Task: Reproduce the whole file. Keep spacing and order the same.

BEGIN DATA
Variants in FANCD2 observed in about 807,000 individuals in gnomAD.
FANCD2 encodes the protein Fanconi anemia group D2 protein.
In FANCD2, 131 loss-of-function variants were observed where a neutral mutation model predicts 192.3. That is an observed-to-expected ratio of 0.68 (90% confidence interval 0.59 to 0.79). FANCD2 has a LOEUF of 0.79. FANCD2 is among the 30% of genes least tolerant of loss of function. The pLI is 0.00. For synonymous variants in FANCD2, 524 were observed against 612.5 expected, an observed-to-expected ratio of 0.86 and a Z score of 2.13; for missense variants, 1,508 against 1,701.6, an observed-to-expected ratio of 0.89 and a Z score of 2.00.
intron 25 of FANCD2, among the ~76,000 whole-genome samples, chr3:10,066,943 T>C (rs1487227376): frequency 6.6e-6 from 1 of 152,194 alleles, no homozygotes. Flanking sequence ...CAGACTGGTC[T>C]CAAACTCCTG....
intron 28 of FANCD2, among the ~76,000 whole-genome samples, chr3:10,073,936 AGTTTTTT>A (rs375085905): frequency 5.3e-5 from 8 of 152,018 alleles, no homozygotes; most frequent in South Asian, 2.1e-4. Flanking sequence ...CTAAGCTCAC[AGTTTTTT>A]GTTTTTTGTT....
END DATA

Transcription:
Variants in FANCD2 observed in about 807,000 individuals in gnomAD.
FANCD2 encodes the protein Fanconi anemia group D2 protein.
In FANCD2, 131 loss-of-function variants were observed where a neutral mutation model predicts 192.3. That is an observed-to-expected ratio of 0.68 (90% confidence interval 0.59 to 0.79). FANCD2 has a LOEUF of 0.79. FANCD2 is among the 30% of genes least tolerant of loss of function. The pLI is 0.00. For synonymous variants in FANCD2, 524 were observed against 612.5 expected, an observed-to-expected ratio of 0.86 and a Z score of 2.13; for missense variants, 1,508 against 1,701.6, an observed-to-expected ratio of 0.89 and a Z score of 2.00.
intron 25 of FANCD2, among the ~76,000 whole-genome samples, chr3:10,066,943 T>C (rs1487227376): frequency 6.6e-6 from 1 of 152,194 alleles, no homozygotes. Flanking sequence ...CAGACTGGTC[T>C]CAAACTCCTG....
intron 28 of FANCD2, among the ~76,000 whole-genome samples, chr3:10,073,936 AGTTTTTT>A (rs375085905): frequency 5.3e-5 from 8 of 152,018 alleles, no homozygotes; most frequent in South Asian, 2.1e-4. Flanking sequence ...CTAAGCTCAC[AGTTTTTT>A]GTTTTTTGTT....